The Digital Talks format, initiated by Patrick Vonderau and Maren Schuster, produced exchange on cross-cutting issues such as digital methods and representation. Further information can be found on the website of the Department of Media and Communication Studies.
Diagnosis: Invisible, medicine and media-transfer project
Diagnosis: Invisible (“Diagnose: Unsichtbar”) is a journalistic project that examines the impact of social inequality on health. The 2019-2021 master’s class worked with medical students to develop formats that deal with themes involving social medicine.
The physicians shared their expertise with our students, and together they converted scientific jargon into language more accessible to the target groups. Thus, it could be guaranteed that the symptoms, preventative measures and problems are easier to understand while still described correctly.
For the doctors, this offered the opportunity to consider medicine in terms of society as a whole and develop new ways and ideas of how to deal with social medicine and communicate their knowledge to a general public. Their work can benefit from experiences from this project. In addition, a network of physicians and journalists formed, which may be used for other projects.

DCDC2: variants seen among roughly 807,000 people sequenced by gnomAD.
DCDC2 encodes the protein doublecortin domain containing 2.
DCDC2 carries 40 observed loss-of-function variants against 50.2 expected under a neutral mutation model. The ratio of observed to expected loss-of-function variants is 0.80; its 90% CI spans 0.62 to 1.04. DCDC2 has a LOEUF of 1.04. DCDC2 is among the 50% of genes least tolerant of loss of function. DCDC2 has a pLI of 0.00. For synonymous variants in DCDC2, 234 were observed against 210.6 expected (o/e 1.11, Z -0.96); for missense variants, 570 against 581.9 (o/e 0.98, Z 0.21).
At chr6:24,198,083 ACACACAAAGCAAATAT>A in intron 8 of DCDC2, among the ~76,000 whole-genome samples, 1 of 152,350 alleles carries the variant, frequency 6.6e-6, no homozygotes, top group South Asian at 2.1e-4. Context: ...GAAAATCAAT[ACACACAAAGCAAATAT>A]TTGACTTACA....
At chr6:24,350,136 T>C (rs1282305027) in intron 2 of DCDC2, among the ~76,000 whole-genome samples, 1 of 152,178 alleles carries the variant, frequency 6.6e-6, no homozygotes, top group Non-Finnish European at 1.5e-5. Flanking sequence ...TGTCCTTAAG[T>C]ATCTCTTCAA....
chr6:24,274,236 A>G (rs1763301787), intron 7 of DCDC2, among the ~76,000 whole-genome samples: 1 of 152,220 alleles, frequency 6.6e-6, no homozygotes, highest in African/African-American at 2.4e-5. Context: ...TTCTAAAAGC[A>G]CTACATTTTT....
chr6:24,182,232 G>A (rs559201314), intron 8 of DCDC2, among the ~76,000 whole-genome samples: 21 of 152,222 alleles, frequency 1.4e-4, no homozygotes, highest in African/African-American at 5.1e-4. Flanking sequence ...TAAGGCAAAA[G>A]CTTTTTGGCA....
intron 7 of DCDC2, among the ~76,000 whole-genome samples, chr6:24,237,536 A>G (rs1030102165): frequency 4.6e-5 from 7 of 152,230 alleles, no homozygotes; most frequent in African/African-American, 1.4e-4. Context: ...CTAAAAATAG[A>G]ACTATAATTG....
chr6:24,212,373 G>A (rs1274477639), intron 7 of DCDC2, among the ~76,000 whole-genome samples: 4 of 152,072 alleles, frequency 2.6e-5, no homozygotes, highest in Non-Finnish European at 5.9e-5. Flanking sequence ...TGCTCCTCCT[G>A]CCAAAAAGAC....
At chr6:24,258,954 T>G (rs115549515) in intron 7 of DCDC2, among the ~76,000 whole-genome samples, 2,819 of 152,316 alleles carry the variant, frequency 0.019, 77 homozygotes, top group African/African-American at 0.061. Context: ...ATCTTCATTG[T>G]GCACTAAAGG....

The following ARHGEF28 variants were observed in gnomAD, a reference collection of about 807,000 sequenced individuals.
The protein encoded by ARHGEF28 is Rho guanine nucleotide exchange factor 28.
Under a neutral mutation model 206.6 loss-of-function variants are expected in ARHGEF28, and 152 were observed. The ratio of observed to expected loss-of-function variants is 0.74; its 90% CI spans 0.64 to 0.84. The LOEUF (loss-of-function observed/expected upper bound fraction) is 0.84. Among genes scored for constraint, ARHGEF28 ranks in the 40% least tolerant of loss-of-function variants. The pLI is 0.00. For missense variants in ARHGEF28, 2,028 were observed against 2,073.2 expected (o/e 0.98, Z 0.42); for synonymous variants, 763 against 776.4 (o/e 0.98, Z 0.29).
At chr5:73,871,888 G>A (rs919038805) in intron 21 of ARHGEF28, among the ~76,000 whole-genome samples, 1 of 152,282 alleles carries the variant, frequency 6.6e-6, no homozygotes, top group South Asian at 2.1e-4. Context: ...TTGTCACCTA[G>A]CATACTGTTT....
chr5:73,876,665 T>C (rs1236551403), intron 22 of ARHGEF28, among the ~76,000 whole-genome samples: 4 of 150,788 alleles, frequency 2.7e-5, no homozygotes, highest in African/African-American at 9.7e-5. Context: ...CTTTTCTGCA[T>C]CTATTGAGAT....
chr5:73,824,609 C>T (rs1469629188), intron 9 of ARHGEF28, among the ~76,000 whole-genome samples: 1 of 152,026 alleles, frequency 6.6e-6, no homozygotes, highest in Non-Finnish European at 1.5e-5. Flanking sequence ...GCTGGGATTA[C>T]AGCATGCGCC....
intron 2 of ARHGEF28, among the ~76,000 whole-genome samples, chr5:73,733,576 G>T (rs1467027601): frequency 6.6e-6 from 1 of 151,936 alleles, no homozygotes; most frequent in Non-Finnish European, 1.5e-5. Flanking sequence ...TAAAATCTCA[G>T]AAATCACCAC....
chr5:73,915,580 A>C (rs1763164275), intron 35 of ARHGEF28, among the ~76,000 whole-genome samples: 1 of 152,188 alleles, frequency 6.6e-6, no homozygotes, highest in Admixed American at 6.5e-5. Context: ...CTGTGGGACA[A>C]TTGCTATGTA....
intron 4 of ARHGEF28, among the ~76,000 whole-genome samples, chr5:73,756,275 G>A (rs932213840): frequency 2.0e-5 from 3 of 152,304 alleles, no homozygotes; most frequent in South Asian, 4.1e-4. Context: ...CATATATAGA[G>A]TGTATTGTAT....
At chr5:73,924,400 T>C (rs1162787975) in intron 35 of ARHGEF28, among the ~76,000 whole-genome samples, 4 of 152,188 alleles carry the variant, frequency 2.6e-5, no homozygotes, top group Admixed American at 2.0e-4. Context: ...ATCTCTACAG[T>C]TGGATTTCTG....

As a result, the podcast Unbehandelt, the social-medicine newsletter Upstream, the multimedia long-form essay Von ungleichen (T)Räumen and the journalistic Instagram project @bittere.pille were all created.
Maren Schuster was responsible for the project’s concept and journalism. Amand Führer, researcher at the MLU’s Institute of Epidemiology, Biometry and Computer Science, supported the project professionally as a physician and with his network. Inputs of scientists and journalists to podcasting, journalism at Instagram and data journalism accompanied the project Diagnosis: Invisible in the implementation phase.
The transfer project was also supported by the Transfer- und Gründerservice of the MLU. Among other things, they financed the development phase of a design-thinking workshop by Jonas Kirel, Franziska Gerlow and Paul Schweidler from Gerlow+Kühl. In addition, Diagnosis: Invisible was supported by the international media network Are We Europe, so that a part of the project was implemented in English with a European and cross-border journalist perspective.